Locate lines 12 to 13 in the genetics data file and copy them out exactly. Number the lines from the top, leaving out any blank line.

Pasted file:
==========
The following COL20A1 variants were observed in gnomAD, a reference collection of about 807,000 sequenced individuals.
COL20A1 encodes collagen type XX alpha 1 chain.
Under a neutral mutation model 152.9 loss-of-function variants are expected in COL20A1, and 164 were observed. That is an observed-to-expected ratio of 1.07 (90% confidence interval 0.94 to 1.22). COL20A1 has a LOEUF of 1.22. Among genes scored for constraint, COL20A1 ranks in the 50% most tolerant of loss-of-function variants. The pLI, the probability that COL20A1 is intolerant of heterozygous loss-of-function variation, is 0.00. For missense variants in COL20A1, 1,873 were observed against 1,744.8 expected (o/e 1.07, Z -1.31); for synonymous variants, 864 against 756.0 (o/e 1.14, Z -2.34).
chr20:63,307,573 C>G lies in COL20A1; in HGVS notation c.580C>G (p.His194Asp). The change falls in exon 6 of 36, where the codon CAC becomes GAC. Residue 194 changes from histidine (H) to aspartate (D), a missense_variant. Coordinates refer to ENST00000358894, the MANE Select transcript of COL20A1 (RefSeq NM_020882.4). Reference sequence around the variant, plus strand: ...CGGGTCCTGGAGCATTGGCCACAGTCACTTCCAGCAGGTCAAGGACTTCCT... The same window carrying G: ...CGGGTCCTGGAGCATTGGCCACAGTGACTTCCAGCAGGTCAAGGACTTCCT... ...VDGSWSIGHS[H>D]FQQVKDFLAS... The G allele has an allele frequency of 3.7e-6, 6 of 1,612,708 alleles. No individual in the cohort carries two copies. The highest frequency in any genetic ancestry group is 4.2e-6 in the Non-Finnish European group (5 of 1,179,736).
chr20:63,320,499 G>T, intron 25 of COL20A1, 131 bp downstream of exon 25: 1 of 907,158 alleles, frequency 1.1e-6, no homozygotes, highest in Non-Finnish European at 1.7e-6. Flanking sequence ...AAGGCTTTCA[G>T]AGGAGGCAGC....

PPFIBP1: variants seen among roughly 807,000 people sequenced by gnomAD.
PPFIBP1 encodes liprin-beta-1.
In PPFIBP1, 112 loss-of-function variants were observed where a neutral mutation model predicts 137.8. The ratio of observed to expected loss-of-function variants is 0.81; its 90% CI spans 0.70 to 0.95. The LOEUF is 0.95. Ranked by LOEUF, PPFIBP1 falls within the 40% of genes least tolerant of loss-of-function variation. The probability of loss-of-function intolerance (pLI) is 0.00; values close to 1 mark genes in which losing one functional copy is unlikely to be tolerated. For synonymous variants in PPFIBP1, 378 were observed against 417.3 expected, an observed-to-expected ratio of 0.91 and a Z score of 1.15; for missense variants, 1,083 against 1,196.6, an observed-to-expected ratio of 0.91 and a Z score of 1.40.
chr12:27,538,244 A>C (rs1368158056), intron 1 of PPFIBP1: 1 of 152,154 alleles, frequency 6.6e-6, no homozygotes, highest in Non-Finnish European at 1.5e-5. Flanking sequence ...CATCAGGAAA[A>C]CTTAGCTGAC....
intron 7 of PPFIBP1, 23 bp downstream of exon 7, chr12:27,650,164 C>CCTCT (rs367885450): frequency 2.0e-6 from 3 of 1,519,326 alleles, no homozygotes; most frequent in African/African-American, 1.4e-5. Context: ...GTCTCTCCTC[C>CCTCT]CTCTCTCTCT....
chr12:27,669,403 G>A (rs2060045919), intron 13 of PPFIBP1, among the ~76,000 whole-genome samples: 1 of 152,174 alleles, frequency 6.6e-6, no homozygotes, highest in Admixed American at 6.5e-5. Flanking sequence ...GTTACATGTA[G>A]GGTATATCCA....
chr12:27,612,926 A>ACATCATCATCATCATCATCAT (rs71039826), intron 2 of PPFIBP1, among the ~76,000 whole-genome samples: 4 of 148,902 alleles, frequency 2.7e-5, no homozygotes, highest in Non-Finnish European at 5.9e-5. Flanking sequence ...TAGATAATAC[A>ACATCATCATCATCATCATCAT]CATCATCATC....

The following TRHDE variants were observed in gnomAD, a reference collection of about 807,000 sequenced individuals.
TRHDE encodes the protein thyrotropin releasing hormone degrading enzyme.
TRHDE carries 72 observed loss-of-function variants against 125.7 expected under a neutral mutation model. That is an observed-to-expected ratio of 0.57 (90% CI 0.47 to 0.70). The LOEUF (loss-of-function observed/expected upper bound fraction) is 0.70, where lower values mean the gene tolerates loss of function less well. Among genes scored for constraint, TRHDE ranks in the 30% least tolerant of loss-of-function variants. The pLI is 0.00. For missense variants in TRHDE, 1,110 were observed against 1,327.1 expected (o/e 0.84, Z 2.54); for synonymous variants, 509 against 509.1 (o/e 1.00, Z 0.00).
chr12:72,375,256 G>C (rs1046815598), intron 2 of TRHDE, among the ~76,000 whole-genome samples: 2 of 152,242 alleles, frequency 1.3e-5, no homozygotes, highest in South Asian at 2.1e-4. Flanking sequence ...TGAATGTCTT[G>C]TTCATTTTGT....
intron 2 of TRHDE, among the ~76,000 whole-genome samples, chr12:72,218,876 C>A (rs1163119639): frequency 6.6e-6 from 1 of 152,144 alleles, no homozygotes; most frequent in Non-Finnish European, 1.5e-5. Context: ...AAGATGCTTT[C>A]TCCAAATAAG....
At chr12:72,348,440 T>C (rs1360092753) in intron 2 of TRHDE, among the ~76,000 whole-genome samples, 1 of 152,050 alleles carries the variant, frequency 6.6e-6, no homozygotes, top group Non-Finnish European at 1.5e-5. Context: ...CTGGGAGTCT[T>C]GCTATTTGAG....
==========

chr12:27,612,926 A>ACATCATCATCATCATCATCAT (rs71039826), intron 2 of PPFIBP1, among the ~76,000 whole-genome samples: 4 of 148,902 alleles, frequency 2.7e-5, no homozygotes, highest in Non-Finnish European at 5.9e-5. Flanking sequence ...TAGATAATAC[A>ACATCATCATCATCATCATCAT]CATCATCATC....

The following TRHDE variants were observed in gnomAD, a reference collection of about 807,000 sequenced individuals.